Premature aging skin is arguably the most talked about skin concern.
The visible signs of aging, such as the appearance of fine lines and wrinkles, is sadly a natural part of growing older. However, when these concerns start to appear prematurely it can come as a nasty surprise.
Not only this, but a “compromised appearance” can make us lack confidence, and feel self-conscious. What’s more, it can have a strain on interpersonal relationships, and promote social withdrawal.¹
But it doesn’t have to be this way; at Dermoi, we are here to help!
There’s a wide range of treatments and active ingredients which you can use to reduce the chances of premature aging happening. As well as this, we’ve also researched a range of products which are ideal for reversing these premature aging skin symptoms.
One of the best ways to protect your skin from premature aging is to wear a sunscreen, like those from Heliocare, daily. This will protect your skin against damaging UV rays.
Cleansing the skin daily with a gentle cleanser is another great way to protect your skin. Using antioxidant skincare or taking antioxidant supplements also helps to protect skin against the oxidative stress which leads to premature aging.
Using an effective moisturiser also helps, as moisturisers trap water in our skin to deliver a more youthful appearance.
As we get older, our skin cell turnover decreases, as do collagen and elastin levels. This leads to the visible signs of aging such as wrinkles, and sagging, dull skin.
While skin aging is a natural process, there are factors which can speed it up.
Premature aging skin usually appears in the form of fine lines and wrinkles, sagging skin, thinning skin, and age spots. The aging process looks different for everyone, but to experience these symptoms before the age of 35 would generally be categorised as “premature”.
Ultraviolet Radiation (UV Rays) - The sun plays a major role in the premature aging of the skin. Exposure to UV rays causes a break down of your skin’s connective tissue (collagen and elastin). Collagen and elastin are responsible for keeping skin plump, tight and youthful.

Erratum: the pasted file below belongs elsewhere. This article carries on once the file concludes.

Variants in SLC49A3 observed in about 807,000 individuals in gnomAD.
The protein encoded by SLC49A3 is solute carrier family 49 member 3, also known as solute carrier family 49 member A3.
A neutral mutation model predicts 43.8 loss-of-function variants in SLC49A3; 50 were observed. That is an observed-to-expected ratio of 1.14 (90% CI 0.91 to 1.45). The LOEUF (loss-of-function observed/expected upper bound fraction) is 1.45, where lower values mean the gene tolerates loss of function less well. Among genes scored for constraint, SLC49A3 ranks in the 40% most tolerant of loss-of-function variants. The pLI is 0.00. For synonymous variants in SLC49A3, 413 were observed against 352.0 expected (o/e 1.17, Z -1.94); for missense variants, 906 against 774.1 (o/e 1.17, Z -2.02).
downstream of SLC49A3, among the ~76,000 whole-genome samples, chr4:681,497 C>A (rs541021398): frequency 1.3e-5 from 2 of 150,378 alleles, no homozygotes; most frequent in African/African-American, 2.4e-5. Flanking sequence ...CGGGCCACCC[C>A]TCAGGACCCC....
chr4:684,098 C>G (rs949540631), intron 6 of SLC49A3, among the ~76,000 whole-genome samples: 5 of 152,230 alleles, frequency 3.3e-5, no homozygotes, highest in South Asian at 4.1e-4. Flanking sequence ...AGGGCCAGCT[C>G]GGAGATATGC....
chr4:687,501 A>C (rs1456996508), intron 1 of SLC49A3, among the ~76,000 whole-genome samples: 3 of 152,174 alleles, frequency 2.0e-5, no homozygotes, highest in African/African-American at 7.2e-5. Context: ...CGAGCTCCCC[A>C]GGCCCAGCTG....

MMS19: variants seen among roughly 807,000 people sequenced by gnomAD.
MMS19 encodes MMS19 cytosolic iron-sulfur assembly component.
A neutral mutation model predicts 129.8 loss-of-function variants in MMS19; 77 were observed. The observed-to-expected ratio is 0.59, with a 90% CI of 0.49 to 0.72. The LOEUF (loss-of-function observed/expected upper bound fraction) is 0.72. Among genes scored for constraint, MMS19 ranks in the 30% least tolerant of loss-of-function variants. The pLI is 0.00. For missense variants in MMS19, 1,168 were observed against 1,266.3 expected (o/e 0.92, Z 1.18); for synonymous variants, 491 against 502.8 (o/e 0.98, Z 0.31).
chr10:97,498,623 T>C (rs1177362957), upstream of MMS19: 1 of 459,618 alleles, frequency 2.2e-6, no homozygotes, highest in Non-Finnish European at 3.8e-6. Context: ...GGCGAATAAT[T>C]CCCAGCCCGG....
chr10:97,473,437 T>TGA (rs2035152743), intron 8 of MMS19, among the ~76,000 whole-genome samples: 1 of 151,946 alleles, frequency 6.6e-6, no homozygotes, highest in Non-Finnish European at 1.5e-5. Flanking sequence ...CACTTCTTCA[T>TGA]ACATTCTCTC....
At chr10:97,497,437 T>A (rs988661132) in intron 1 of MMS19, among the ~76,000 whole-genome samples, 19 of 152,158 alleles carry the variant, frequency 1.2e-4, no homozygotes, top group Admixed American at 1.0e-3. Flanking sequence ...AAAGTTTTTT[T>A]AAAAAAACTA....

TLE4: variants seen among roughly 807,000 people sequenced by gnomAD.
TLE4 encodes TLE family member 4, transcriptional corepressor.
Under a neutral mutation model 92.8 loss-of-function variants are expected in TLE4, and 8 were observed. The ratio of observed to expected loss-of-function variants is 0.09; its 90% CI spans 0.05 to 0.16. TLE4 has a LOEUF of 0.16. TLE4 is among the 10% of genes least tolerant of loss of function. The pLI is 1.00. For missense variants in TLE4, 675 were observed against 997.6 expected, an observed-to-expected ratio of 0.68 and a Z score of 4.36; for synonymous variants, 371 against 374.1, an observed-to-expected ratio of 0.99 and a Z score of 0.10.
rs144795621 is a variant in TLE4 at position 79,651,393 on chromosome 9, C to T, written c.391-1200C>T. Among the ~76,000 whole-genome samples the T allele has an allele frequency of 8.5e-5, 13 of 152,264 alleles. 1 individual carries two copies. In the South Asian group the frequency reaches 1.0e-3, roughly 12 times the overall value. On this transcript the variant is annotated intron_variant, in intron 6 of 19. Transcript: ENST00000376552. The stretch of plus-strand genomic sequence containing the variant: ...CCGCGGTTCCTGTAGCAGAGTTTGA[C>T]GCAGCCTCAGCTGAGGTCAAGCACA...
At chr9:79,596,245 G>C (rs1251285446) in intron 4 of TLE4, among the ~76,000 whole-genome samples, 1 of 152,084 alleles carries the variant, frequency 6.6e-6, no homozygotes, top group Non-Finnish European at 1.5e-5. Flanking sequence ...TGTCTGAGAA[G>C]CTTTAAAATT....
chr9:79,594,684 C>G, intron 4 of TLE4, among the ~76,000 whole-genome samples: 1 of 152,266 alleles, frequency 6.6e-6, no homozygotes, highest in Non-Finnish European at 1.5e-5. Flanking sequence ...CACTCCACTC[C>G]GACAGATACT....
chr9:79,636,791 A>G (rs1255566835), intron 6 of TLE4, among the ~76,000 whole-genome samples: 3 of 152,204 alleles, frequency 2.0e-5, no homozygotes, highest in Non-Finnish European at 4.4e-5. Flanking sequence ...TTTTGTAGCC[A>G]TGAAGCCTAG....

Stress - Chronic stress can also lead to premature aging of the skin, in particular the appearance of premature wrinkles. Cortisol is the most prevalent stress hormone and breaks down the collagen content in our skin.
Smoking - Nicotine, and other chemicals in cigarettes and vapes, contribute to wrinkle formation and other signs of aging. Nicotine causes blood vessels to constrict which reduces oxygen flow and nutrients to the skin.
Poor Diet - A diet which contains large amounts of sugar, refined carbohydrates (white bread, white pasta, artificial sweeteners) and a high-fat content helps to accelerate skin aging. High fat diets in particular cause oxidative stress in cells which produces inflammatory damage.²
Lack of Sleep - Studies have shown that poor quality sleepers display increased signs of skin aging including fine lines, uneven pigmentation and reduced skin elasticity.³
Pollution - Air pollution has a significant impact on skin health. Soot and nitrogen dioxide from pollution have been associated with premature skin aging, including stimulating wrinkle formation and age spots.
Alcohol Consumption - Alcohol depletes levels of key vitamins, such as vitamin A, which are crucial to healthy skin. A lack of vitamin A can reduce collagen levels. Alcohol can also cause dehydration, which causes wrinkles on the face as well as excessively dry skin. Excessive alcohol drinking also causes spider veins, rashes, red skin spots, skin colour changes, and also worsens skin conditions.
1. Farage M, Miller K, Berardesca E, Maibach H. Psychological and Social Implications of Aging Skin: Normal Aging and the Effects of Cutaneous Disease. Textbook of Aging Skin. 2015;:1-14.
2. Cao C, Xiao Z, Wu Y, Ge C. Diet and Skin Aging—From the Perspective of Food Nutrition. Nutrients. 2020;12(3):870.
3. University Hospitals Case Medical Center. Sleep Deprivation Linked to Aging Skin, Study Suggests. [Internet]. ScienceDaily. 2013. Available from: https://www.sciencedaily.com/releases/2013/07/130723155002.htm#:~:text=%22Our%20study%20is%20the%20first,sun%20exposure%2C%22%20said%20Dr.
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